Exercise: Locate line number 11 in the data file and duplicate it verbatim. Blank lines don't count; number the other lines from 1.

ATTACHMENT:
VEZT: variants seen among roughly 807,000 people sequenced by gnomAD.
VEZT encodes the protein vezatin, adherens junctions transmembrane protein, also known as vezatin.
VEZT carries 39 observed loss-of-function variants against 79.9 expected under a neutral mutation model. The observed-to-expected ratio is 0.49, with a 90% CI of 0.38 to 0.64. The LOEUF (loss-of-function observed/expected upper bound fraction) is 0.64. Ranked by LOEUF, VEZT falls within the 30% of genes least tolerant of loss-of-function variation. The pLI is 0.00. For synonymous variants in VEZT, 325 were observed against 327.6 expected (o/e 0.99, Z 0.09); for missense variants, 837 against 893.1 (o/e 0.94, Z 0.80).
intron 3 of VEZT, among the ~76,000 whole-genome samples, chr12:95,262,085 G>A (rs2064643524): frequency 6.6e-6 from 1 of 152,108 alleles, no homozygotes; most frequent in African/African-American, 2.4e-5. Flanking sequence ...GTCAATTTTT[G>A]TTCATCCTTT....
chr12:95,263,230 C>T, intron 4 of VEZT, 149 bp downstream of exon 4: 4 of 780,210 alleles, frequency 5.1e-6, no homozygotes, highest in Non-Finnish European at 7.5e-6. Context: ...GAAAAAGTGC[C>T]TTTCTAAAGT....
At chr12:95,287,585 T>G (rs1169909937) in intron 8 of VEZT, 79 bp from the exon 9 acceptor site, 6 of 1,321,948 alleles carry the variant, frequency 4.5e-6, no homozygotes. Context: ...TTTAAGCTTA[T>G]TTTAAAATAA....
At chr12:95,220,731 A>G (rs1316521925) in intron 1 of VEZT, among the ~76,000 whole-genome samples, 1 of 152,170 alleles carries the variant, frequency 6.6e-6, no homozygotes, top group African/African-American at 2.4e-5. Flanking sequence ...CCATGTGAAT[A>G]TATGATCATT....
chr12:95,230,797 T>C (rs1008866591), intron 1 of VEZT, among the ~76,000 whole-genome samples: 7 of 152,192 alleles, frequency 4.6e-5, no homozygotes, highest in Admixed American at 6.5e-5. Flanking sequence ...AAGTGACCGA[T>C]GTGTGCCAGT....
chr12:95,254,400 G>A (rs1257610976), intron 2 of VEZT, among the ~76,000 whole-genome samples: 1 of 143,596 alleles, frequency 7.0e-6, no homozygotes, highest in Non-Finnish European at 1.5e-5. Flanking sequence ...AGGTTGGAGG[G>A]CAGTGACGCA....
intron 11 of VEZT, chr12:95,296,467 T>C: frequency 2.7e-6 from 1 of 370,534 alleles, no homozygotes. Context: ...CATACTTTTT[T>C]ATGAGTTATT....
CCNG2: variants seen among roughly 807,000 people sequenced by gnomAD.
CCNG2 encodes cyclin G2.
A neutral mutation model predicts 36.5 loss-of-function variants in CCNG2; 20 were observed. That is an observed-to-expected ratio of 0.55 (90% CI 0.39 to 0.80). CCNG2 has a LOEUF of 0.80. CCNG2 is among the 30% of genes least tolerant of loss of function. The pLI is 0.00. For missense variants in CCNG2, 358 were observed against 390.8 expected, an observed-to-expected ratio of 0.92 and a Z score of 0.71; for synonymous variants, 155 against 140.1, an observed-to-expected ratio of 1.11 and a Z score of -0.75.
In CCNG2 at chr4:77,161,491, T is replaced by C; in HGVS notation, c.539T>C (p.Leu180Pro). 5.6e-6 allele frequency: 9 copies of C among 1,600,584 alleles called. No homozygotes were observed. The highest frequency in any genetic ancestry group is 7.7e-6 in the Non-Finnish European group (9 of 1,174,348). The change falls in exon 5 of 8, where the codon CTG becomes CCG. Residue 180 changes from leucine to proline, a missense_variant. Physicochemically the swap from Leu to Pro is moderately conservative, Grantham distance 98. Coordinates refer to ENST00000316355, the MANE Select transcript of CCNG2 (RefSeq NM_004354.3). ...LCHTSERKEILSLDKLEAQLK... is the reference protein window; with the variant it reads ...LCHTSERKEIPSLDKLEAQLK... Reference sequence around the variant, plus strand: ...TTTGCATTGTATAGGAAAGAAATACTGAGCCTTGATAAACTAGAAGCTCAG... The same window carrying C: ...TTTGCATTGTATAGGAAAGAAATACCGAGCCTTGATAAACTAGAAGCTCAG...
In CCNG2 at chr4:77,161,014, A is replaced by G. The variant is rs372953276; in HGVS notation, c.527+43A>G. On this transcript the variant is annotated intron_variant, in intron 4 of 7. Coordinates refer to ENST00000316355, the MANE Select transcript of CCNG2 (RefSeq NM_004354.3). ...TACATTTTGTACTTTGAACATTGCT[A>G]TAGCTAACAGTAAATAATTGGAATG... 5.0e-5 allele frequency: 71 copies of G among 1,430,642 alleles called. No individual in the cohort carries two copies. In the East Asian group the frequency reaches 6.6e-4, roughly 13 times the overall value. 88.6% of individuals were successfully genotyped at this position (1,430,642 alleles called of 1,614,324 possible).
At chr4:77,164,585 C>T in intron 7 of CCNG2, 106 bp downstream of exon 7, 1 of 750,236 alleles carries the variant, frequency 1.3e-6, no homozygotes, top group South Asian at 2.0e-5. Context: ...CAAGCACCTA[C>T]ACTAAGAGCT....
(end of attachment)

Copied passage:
CCNG2: variants seen among roughly 807,000 people sequenced by gnomAD.